Oh. . . for the good old days.
I remember when the newspaper wrote stories or editorials -- and if the readers wanted to comment on those stories, they had to submit a letter to the editor. They had to sign their name and give us a phone number before we would print what they wrote.
We still do that for print letters; however, with the invention of newspaper websites, many newspapers, including ours, have allowed readers to comment on our stories anonymously.
This has caused quite a bit of heartburn for elected officials and others who sometimes get lashed by the readers. It has also created some heartburn for editors and reporters who often find themselves the targets of the readers’ wrath. We’ve had to pick our way through what is proper to include in these comments and what is not.
Yet, we have persisted in offering the reader comment option online -- with the caveat that we administrate those comments. We have taken quite a bit of criticism for offering this option; however, we’ve found reader comments online to be quite helpful in shaping the public discussion and often of shaping public policy. Sometimes these comments have also helped guide our news staff in directions of further covering certain news stories.
So, the good of having these comments has outweighed the difficulties over the years.
However, what’s good for the goose doesn’t always seem to be good for the gander -- particularly when those anonymous readers are challenged on their opinions.
I occasionally wander into the reader comment debate if I see comments going off target or if there appears to be some misunderstandings or just plain incorrect information.
When I do that, I try to be factual and give information that I know is accurate and I’ve confirmed.
Typically what happens is someone who might not like the facts will retort with some kind of derogatory comment about me or the paper, etc.
Sometimes, I re-engage those folks, but I try to do it -- again -- with factual information. That’s still not good enough for those who just want to be argumentative.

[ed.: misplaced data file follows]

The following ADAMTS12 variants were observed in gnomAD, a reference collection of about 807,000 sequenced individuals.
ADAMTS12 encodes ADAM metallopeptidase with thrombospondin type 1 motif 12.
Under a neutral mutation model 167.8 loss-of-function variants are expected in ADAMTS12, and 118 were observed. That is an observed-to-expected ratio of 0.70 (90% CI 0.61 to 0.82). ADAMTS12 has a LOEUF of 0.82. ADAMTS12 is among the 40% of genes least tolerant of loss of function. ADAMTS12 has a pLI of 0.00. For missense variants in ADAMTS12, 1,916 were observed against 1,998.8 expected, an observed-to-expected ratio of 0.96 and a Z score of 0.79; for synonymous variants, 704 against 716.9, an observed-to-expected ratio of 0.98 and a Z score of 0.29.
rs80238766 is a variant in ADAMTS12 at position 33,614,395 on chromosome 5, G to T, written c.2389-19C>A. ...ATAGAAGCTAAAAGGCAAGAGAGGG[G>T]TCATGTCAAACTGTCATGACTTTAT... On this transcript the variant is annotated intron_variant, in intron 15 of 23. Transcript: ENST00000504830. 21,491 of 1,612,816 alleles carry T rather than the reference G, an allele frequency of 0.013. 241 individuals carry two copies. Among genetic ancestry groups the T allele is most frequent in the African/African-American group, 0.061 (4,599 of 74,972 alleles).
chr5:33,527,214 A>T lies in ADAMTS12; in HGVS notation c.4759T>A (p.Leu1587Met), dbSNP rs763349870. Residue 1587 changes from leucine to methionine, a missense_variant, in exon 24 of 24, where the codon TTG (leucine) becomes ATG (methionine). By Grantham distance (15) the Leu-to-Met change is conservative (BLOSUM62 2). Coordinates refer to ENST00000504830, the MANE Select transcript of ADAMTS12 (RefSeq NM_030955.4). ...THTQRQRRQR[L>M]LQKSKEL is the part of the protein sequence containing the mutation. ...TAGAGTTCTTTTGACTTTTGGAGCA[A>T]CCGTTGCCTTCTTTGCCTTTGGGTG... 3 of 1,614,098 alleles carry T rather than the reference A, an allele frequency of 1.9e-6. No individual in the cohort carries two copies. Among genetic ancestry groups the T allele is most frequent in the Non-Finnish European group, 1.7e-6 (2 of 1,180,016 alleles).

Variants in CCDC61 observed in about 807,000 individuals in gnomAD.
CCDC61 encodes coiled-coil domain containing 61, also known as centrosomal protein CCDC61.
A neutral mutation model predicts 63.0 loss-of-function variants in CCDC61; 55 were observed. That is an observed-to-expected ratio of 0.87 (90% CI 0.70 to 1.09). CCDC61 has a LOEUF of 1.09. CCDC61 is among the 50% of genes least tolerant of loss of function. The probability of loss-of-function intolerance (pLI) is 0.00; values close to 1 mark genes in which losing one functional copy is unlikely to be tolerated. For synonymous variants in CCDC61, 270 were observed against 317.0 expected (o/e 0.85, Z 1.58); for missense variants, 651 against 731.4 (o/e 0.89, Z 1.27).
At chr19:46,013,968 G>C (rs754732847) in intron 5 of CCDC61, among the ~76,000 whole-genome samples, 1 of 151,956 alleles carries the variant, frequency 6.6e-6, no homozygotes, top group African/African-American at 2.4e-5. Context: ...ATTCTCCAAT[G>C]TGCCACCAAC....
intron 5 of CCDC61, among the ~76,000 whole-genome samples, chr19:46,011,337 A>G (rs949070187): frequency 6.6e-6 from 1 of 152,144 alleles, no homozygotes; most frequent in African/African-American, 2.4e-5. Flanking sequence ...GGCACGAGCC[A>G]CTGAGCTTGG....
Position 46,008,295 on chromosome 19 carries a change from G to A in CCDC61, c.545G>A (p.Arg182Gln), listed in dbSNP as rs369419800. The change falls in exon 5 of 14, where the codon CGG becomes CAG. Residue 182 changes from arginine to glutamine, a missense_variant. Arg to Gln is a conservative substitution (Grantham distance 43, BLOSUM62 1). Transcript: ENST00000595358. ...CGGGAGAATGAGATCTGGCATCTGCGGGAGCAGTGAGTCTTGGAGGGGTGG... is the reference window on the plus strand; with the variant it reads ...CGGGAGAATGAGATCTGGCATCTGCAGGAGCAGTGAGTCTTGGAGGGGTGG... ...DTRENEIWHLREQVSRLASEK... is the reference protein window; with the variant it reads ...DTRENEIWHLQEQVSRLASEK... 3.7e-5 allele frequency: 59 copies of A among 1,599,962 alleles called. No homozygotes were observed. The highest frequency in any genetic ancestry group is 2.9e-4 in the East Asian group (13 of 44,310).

And, when I argue my point back, then these commenters will come back with comments about how unprofessional I am or that I should “hold myself to a higher standard.”
But folks, if you’re going to engage me in a debate, I’m going to debate. Its different with the Internet in that I can almost have real-time conversations with those who have a different idea or opposing viewpoint.
Listen, if someone has an opposing opinion or viewpoint on an opinion or blog I write, great. I know that my ideas or opinions aren’t the only ones out there. But, when you’re going to go after me for stating facts and backing those facts up, I’m not just not going to stand for it.
The purpose of the reader comments is not to get into a debate with me or other readers. The purpose of the comments is for people to have an immediate opinion on an issue or event.
But, don’t expect to throw personal insults at me, the staff or the paper in the midst of these reader comments and debates and expect me not to reply.
Times have changed. We all seem to like the advantages the Internet has given us, and we all seem to like to be able to have discussions and sometimes debates.
When I choose, I will continue to engage the readers on the reader comment section, and I will do it the way I’ve always done it -- with facts and information. I believe that’s my job.
But, if you choose to insult me, then I will back myself up. If you can’t handle that, then don’t insult me.
Now, this blog will allow readers to debate my thoughts and opinion on this particular topic all you want -- this time in the proper forum.
Oh. . . for the good old days.
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